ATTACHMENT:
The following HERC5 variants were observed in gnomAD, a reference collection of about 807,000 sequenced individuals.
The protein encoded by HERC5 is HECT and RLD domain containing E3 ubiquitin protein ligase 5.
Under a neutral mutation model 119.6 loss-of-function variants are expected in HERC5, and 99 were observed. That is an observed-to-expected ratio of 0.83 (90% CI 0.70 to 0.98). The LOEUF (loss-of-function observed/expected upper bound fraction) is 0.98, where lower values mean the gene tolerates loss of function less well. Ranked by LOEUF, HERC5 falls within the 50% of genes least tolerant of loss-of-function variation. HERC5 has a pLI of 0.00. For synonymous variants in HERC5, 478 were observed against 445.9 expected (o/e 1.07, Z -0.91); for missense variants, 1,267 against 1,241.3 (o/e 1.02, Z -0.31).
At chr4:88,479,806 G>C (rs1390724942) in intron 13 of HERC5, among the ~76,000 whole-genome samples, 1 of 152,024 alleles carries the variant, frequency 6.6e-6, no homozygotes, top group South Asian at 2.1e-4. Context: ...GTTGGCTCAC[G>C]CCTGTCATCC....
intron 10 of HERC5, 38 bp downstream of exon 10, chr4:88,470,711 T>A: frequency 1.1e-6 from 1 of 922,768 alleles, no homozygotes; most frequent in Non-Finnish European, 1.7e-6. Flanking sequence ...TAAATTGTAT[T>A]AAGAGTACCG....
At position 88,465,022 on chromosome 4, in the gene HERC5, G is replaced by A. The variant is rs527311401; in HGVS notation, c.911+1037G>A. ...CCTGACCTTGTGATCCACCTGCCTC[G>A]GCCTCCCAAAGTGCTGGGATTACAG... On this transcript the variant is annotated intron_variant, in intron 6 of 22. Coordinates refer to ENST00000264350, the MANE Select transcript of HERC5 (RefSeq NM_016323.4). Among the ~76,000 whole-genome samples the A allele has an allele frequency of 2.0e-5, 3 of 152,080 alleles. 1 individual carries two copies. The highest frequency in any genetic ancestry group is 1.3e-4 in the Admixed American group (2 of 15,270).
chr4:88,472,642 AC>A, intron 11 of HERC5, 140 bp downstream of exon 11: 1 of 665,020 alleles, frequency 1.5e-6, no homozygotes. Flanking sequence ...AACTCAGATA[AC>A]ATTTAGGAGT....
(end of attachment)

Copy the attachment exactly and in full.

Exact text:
The following HERC5 variants were observed in gnomAD, a reference collection of about 807,000 sequenced individuals.
The protein encoded by HERC5 is HECT and RLD domain containing E3 ubiquitin protein ligase 5.
Under a neutral mutation model 119.6 loss-of-function variants are expected in HERC5, and 99 were observed. That is an observed-to-expected ratio of 0.83 (90% CI 0.70 to 0.98). The LOEUF (loss-of-function observed/expected upper bound fraction) is 0.98, where lower values mean the gene tolerates loss of function less well. Ranked by LOEUF, HERC5 falls within the 50% of genes least tolerant of loss-of-function variation. HERC5 has a pLI of 0.00. For synonymous variants in HERC5, 478 were observed against 445.9 expected (o/e 1.07, Z -0.91); for missense variants, 1,267 against 1,241.3 (o/e 1.02, Z -0.31).
At chr4:88,479,806 G>C (rs1390724942) in intron 13 of HERC5, among the ~76,000 whole-genome samples, 1 of 152,024 alleles carries the variant, frequency 6.6e-6, no homozygotes, top group South Asian at 2.1e-4. Context: ...GTTGGCTCAC[G>C]CCTGTCATCC....
intron 10 of HERC5, 38 bp downstream of exon 10, chr4:88,470,711 T>A: frequency 1.1e-6 from 1 of 922,768 alleles, no homozygotes; most frequent in Non-Finnish European, 1.7e-6. Flanking sequence ...TAAATTGTAT[T>A]AAGAGTACCG....
At position 88,465,022 on chromosome 4, in the gene HERC5, G is replaced by A. The variant is rs527311401; in HGVS notation, c.911+1037G>A. ...CCTGACCTTGTGATCCACCTGCCTC[G>A]GCCTCCCAAAGTGCTGGGATTACAG... On this transcript the variant is annotated intron_variant, in intron 6 of 22. Coordinates refer to ENST00000264350, the MANE Select transcript of HERC5 (RefSeq NM_016323.4). Among the ~76,000 whole-genome samples the A allele has an allele frequency of 2.0e-5, 3 of 152,080 alleles. 1 individual carries two copies. The highest frequency in any genetic ancestry group is 1.3e-4 in the Admixed American group (2 of 15,270).
chr4:88,472,642 AC>A, intron 11 of HERC5, 140 bp downstream of exon 11: 1 of 665,020 alleles, frequency 1.5e-6, no homozygotes. Flanking sequence ...AACTCAGATA[AC>A]ATTTAGGAGT....